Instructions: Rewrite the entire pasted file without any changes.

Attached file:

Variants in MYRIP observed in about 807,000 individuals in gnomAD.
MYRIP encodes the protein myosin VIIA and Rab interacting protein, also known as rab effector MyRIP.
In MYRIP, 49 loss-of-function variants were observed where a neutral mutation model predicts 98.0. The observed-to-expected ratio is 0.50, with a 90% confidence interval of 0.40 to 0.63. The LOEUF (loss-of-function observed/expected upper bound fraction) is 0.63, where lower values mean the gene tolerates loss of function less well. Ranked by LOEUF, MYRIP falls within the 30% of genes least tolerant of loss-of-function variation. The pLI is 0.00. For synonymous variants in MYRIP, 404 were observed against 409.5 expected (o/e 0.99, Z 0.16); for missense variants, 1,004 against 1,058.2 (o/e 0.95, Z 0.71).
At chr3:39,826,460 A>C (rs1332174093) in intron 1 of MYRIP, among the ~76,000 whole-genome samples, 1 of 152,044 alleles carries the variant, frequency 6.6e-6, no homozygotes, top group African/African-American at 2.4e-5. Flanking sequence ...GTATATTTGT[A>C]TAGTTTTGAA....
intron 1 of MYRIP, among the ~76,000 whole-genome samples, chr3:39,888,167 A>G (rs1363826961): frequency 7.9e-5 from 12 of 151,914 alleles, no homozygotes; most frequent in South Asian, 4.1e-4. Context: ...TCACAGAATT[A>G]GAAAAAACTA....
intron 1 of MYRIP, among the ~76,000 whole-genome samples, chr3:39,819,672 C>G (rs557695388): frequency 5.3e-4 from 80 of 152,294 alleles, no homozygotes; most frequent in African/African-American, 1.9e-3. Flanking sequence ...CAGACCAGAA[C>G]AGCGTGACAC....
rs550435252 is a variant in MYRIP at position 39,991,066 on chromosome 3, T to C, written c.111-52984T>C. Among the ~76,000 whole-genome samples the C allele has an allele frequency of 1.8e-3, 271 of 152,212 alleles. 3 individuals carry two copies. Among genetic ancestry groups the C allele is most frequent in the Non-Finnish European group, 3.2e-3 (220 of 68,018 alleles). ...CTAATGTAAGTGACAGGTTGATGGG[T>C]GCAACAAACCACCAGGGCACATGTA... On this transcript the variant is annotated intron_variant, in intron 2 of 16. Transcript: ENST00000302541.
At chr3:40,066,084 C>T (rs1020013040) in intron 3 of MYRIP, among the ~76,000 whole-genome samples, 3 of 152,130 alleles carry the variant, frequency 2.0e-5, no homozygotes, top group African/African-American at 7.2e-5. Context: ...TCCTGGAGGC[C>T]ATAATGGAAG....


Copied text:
Variants in MYRIP observed in about 807,000 individuals in gnomAD.
MYRIP encodes the protein myosin VIIA and Rab interacting protein, also known as rab effector MyRIP.
In MYRIP, 49 loss-of-function variants were observed where a neutral mutation model predicts 98.0. The observed-to-expected ratio is 0.50, with a 90% confidence interval of 0.40 to 0.63. The LOEUF (loss-of-function observed/expected upper bound fraction) is 0.63, where lower values mean the gene tolerates loss of function less well. Ranked by LOEUF, MYRIP falls within the 30% of genes least tolerant of loss-of-function variation. The pLI is 0.00. For synonymous variants in MYRIP, 404 were observed against 409.5 expected (o/e 0.99, Z 0.16); for missense variants, 1,004 against 1,058.2 (o/e 0.95, Z 0.71).
At chr3:39,826,460 A>C (rs1332174093) in intron 1 of MYRIP, among the ~76,000 whole-genome samples, 1 of 152,044 alleles carries the variant, frequency 6.6e-6, no homozygotes, top group African/African-American at 2.4e-5. Flanking sequence ...GTATATTTGT[A>C]TAGTTTTGAA....
intron 1 of MYRIP, among the ~76,000 whole-genome samples, chr3:39,888,167 A>G (rs1363826961): frequency 7.9e-5 from 12 of 151,914 alleles, no homozygotes; most frequent in South Asian, 4.1e-4. Context: ...TCACAGAATT[A>G]GAAAAAACTA....
intron 1 of MYRIP, among the ~76,000 whole-genome samples, chr3:39,819,672 C>G (rs557695388): frequency 5.3e-4 from 80 of 152,294 alleles, no homozygotes; most frequent in African/African-American, 1.9e-3. Flanking sequence ...CAGACCAGAA[C>G]AGCGTGACAC....
rs550435252 is a variant in MYRIP at position 39,991,066 on chromosome 3, T to C, written c.111-52984T>C. Among the ~76,000 whole-genome samples the C allele has an allele frequency of 1.8e-3, 271 of 152,212 alleles. 3 individuals carry two copies. Among genetic ancestry groups the C allele is most frequent in the Non-Finnish European group, 3.2e-3 (220 of 68,018 alleles). ...CTAATGTAAGTGACAGGTTGATGGG[T>C]GCAACAAACCACCAGGGCACATGTA... On this transcript the variant is annotated intron_variant, in intron 2 of 16. Transcript: ENST00000302541.
At chr3:40,066,084 C>T (rs1020013040) in intron 3 of MYRIP, among the ~76,000 whole-genome samples, 3 of 152,130 alleles carry the variant, frequency 2.0e-5, no homozygotes, top group African/African-American at 7.2e-5. Context: ...TCCTGGAGGC[C>T]ATAATGGAAG....